Our former fears of electricity serve as a reminder. It doesn’t have to be bone-chilling. It can be as simple as apprehension or discomfort. It’s how our parents told us not to talk to strangers, and then that extended to don’t talk to strangers on the Internet. As much as we rely on the internet, it’s still something that most of us have some healthy apprehension about. Most of us won’t excommunicate technology from our lives. You’re reading this online, it’s the only way you can get it.

The internet is currently the primary way people can get podcasts. Podcasting is this child of the internet and radio so it is familiar, yet foreign. We are accustomed to the radio being a source of information and entertainment. We are instructed to have a NOAA radio in our homes for weather emergencies, and there is a huge fight in the United States right now as to whether or not AM radio should be mandated in cars (but no fight over FM radio). While most of our cars can connect to our phones, we still often find ourselves shuffling through radio channels for the football game, that station that plays that music just right, or the NPR report that gets you to work early in the morning. It’s been a part of what’s normal for generations.

At a bright 20 years of age, podcasts are something new, but familiar. They are a hybrid of the traditional, familiar radio and the new, wild internet. You need apps to listen to podcasts, so listeners need a certain level of technological literacy, and then some. I find that the first Apps that are offered are often confusing, and difficult to get into. The pre-installed player for Apple products, Apple Podcasts, dominates the ranking charts for podcasts but really is overwhelming for a new listener. Familiar audio players are taking on podcasts, but listeners don’t know what to do with them. You have to commit to an audio-only experience that isn’t music, you have to try something new.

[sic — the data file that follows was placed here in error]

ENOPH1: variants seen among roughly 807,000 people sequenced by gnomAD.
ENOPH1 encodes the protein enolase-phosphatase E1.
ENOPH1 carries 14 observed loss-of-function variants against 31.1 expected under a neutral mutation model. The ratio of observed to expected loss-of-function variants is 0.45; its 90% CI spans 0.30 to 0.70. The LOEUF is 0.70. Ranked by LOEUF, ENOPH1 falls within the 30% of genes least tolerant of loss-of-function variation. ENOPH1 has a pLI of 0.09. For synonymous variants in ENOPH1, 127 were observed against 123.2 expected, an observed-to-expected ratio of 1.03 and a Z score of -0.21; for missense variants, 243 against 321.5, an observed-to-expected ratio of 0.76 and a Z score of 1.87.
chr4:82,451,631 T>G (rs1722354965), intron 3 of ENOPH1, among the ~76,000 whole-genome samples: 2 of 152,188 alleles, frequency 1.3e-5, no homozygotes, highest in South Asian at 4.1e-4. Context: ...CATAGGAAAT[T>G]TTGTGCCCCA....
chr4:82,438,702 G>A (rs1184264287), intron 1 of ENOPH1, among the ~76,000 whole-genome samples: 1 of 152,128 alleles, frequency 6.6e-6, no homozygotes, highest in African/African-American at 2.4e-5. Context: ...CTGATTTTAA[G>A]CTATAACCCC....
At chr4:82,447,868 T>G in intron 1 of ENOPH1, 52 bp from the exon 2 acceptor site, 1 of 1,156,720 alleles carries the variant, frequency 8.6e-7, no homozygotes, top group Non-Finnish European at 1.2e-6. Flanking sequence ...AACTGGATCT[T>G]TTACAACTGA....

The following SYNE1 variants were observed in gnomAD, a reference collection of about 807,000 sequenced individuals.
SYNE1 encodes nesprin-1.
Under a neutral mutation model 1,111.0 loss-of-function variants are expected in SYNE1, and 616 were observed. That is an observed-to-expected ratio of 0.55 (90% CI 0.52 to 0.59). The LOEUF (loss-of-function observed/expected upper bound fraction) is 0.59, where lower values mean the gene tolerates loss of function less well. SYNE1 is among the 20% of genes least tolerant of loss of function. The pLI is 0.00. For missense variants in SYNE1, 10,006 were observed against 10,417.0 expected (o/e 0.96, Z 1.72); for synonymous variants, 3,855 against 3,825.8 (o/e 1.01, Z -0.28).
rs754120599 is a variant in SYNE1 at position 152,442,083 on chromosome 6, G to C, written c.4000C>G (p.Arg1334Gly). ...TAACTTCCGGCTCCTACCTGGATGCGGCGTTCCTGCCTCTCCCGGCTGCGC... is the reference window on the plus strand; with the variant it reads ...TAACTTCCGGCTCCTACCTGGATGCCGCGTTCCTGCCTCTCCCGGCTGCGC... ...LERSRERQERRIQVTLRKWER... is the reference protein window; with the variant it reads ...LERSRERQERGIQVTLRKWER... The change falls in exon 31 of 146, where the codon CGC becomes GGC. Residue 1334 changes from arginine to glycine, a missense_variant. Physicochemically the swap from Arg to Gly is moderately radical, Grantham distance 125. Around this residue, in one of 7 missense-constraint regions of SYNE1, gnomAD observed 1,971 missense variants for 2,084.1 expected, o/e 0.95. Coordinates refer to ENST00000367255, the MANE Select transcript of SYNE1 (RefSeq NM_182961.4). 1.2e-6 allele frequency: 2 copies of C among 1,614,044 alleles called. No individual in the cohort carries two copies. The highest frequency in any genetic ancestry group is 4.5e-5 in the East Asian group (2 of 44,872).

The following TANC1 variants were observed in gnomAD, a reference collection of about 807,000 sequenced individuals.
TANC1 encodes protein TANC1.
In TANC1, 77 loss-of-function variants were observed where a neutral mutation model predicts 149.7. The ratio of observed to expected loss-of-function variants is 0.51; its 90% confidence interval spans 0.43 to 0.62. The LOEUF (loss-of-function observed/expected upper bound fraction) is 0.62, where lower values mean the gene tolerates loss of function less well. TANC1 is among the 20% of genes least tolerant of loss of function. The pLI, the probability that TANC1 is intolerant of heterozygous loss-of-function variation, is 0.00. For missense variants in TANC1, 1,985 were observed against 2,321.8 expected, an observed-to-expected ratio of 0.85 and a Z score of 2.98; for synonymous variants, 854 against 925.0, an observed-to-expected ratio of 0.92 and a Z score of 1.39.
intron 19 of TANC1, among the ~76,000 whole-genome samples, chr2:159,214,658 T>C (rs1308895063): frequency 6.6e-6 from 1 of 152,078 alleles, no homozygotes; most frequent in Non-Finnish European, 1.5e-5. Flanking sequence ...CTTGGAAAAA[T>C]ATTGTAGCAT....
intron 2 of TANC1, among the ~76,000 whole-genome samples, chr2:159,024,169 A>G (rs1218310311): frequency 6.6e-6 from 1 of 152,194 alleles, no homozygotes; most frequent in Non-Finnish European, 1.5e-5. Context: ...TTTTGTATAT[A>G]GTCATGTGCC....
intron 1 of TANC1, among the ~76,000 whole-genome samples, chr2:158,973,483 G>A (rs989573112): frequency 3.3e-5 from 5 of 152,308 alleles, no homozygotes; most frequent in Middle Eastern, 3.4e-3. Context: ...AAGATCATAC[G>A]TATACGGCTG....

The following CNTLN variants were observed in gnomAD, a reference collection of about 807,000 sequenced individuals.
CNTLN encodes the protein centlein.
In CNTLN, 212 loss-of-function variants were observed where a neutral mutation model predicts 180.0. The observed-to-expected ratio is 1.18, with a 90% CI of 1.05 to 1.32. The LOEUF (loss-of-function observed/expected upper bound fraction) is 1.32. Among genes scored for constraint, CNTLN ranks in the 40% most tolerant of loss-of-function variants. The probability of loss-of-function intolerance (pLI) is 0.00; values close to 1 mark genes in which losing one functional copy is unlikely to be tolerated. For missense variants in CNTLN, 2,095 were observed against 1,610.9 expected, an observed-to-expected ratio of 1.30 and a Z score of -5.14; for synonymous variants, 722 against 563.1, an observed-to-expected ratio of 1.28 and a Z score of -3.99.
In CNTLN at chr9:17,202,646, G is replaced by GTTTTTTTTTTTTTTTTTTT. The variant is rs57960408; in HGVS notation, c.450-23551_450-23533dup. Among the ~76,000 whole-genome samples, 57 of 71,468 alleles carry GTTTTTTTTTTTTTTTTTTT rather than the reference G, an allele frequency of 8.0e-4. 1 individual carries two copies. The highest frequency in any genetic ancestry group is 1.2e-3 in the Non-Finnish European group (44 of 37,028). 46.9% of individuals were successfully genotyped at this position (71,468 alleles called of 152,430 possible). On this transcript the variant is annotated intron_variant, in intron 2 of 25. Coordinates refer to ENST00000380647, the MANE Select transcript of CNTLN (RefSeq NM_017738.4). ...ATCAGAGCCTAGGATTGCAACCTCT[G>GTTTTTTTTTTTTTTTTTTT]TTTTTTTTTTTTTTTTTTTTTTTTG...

With new technology comes new barriers. The usability of podcast apps is difficult. We are caught on “when to listen to podcasts” but also forget to ask how to listen to podcasts - and not just like a critic, but in day-to-day practice. What does it take to open an app, and choose a podcast from the many thousands, if not millions of options?

When we started streaming music, we already had ways to play music on demand in physical forms from vinyl to tapes, to CDs, and then to YouTube. Before that, we had DJs on the radio playing music for us. On-demand audio shows didn’t have the middle ground of physical copy to streaming. There is no previous, on-demand, equivalent for podcasts without an internet connection. The closest we have are media entities like NPR who already were established as audio forces. Where is someone supposed to start if they’re just opening an app for the first time?

Podcasting is young, but it’s grown to a place where so many people feel like it’s not. It’s an established, multi-million dollar industry - but it’s still finding its standards. There’s that information bias for people like me, who consume podcasting as a primary form of media - or work in the industry itself. As Tom Webster said in his article here. We need to get better as an industry about how to talk about podcasts. What does podcasting give people who listen? What can it give people who don't listen? It can give us everything that our usual media can, and maybe even something more if given a chance.